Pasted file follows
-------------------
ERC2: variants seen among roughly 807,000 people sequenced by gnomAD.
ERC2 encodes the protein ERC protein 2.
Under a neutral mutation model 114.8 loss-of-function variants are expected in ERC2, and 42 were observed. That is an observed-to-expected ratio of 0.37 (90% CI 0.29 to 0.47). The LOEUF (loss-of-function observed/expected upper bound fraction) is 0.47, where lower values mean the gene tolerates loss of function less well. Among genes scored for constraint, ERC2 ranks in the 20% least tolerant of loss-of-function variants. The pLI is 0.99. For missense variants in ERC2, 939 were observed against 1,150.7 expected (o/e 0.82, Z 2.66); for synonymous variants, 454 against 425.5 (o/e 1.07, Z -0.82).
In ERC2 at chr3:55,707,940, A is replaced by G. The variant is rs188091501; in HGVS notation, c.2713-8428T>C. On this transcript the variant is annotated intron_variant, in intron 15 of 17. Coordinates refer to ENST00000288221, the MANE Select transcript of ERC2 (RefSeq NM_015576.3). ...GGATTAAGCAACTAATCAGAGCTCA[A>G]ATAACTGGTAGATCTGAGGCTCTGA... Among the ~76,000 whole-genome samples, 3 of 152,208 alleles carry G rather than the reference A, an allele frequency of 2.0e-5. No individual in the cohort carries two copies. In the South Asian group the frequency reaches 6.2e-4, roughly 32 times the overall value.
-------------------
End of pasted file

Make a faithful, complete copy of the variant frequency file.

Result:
ERC2: variants seen among roughly 807,000 people sequenced by gnomAD.
ERC2 encodes the protein ERC protein 2.
Under a neutral mutation model 114.8 loss-of-function variants are expected in ERC2, and 42 were observed. That is an observed-to-expected ratio of 0.37 (90% CI 0.29 to 0.47). The LOEUF (loss-of-function observed/expected upper bound fraction) is 0.47, where lower values mean the gene tolerates loss of function less well. Among genes scored for constraint, ERC2 ranks in the 20% least tolerant of loss-of-function variants. The pLI is 0.99. For missense variants in ERC2, 939 were observed against 1,150.7 expected (o/e 0.82, Z 2.66); for synonymous variants, 454 against 425.5 (o/e 1.07, Z -0.82).
In ERC2 at chr3:55,707,940, A is replaced by G. The variant is rs188091501; in HGVS notation, c.2713-8428T>C. On this transcript the variant is annotated intron_variant, in intron 15 of 17. Coordinates refer to ENST00000288221, the MANE Select transcript of ERC2 (RefSeq NM_015576.3). ...GGATTAAGCAACTAATCAGAGCTCA[A>G]ATAACTGGTAGATCTGAGGCTCTGA... Among the ~76,000 whole-genome samples, 3 of 152,208 alleles carry G rather than the reference A, an allele frequency of 2.0e-5. No individual in the cohort carries two copies. In the South Asian group the frequency reaches 6.2e-4, roughly 32 times the overall value.